And then in terms of the military bases, these had nothing--these bases were named years after the Civil War. They were statements of white supremacy. Those names have to go. Even if they're not named something else, their names have to go. I think the President, once again, is on the wrong track by not understanding that you don't glorify white supremacy in our country and have it be perpetuated once it is uncovered.
MR. COSTA: So then to follow up, what's your message to some activists who say the founding fathers, there needs to be a reckoning of some sort, whether it's tearing down their images or just having a conversation? How should this nation handle the issue of slave owners in our founding fathers moving ahead?
SPEAKER PELOSI: Well, I'm very concerned about slavery in our country. I think it's a sin. I also am concerned about what happened to Native Americans in our country. So, we have a list of grievances that are part of the early years of our country, and we do not want that to be continued by glorifying any of the people who perpetrated those injustices.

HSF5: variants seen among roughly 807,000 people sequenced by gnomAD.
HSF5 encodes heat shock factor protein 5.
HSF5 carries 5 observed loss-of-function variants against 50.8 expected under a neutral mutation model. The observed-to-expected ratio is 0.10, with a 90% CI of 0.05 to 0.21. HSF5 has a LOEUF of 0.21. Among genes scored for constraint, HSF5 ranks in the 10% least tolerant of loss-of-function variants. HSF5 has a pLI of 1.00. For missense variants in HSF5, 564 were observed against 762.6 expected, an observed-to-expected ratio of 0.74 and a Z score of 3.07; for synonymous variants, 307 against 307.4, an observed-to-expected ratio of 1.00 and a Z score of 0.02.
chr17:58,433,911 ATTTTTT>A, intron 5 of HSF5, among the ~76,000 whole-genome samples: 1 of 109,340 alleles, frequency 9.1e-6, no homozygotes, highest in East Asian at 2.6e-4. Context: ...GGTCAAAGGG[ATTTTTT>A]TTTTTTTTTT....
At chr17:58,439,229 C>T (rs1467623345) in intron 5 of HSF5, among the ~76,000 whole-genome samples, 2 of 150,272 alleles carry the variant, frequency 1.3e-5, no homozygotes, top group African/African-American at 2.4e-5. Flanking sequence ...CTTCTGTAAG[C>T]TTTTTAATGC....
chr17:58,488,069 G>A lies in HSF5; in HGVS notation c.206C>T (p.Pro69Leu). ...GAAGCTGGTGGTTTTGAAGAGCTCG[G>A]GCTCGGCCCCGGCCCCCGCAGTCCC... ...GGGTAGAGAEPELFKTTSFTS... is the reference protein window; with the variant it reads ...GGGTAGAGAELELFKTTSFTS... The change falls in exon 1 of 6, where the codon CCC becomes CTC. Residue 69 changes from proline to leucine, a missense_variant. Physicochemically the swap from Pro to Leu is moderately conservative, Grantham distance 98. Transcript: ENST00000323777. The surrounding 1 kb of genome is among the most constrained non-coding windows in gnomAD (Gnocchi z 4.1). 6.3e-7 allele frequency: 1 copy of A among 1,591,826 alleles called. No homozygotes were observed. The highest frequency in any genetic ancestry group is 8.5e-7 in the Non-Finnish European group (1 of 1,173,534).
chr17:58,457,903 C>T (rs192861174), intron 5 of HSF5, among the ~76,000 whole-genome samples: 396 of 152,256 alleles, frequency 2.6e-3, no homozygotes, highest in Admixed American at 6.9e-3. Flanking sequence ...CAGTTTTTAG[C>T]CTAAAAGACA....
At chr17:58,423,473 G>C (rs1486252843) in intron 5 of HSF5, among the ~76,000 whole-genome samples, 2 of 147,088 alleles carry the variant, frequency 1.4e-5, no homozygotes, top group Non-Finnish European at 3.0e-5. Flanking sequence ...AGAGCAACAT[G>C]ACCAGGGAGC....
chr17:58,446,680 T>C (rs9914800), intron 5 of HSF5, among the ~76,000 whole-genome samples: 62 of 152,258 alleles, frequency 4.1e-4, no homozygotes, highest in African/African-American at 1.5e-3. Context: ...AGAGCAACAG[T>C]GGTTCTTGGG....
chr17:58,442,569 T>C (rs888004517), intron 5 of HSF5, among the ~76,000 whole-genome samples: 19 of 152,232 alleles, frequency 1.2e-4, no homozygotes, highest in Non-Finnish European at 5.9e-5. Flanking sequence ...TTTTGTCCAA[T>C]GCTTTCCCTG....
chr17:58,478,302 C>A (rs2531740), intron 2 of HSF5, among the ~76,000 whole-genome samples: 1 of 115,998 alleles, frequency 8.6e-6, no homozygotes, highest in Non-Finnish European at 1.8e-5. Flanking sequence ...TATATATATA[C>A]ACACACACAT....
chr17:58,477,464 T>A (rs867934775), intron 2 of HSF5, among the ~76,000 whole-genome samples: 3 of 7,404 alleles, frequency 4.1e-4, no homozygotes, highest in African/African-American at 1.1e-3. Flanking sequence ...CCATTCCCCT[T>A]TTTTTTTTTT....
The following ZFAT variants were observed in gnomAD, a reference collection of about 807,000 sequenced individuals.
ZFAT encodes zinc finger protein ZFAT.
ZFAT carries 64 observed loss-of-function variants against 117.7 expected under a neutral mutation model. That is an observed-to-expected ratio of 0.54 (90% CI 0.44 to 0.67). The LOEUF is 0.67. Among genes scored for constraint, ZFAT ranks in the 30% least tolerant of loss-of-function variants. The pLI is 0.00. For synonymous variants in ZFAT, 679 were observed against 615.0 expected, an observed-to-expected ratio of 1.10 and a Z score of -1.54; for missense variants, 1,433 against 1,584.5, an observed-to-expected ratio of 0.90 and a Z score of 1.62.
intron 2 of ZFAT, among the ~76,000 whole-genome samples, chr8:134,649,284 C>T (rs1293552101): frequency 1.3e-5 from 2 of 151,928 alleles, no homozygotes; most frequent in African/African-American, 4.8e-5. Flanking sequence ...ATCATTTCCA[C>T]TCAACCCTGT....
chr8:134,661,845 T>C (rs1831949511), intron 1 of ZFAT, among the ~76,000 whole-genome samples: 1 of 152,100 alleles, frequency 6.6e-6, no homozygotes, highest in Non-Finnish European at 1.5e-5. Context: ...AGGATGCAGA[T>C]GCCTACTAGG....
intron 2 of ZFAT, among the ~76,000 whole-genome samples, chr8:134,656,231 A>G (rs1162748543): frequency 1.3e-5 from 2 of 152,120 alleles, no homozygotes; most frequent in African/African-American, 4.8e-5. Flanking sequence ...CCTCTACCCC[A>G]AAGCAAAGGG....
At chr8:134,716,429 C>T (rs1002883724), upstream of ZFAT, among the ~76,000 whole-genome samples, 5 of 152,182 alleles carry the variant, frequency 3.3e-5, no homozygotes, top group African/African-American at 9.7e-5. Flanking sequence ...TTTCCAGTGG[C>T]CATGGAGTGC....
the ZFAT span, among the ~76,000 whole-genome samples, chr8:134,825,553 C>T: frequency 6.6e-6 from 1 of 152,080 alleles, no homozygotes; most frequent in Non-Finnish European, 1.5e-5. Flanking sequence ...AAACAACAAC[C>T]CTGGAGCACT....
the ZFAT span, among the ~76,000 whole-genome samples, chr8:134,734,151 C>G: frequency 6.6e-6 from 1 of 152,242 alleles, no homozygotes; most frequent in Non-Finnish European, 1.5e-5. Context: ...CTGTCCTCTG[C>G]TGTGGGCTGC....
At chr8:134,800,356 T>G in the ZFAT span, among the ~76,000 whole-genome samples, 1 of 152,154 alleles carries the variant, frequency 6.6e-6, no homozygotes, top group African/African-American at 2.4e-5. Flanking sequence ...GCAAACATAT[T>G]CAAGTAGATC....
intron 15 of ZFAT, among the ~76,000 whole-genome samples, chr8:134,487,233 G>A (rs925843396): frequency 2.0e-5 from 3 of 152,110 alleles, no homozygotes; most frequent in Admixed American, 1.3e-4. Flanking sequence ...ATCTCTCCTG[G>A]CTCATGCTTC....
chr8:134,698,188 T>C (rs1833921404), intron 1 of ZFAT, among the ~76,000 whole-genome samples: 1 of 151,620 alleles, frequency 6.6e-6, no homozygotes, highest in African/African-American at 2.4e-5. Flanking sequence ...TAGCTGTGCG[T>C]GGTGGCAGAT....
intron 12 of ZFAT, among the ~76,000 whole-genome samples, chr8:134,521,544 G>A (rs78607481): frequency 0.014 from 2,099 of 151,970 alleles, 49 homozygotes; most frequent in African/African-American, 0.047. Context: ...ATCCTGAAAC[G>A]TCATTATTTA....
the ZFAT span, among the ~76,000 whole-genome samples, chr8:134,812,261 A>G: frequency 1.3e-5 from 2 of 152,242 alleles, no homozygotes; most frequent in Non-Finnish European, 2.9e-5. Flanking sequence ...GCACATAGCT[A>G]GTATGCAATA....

I would say rather than tearing down and defacing, why don't we just have a review? Have a review in terms of let's take it down safely so that we're not hurting anybody when the statute comes down or costing more money to get rid of it or get rid of the defacing of something that might not--maybe shouldn't have been.
But I think that this--I'm all for it. Let's review this. Why are we glorifying the sins of the past? That doesn't mean that because Thomas Jefferson or George Washington or others were slave owners that we should undermine what they did for our country. These Confederates--Jefferson Davis, Alexander Stephens--they committed treason against the United States in the name of slavery. I think that's a different story.
But you know what? Subject everything to scrutiny and make a decision, but I do think we should do it in a safer way rather than a more dangerous way.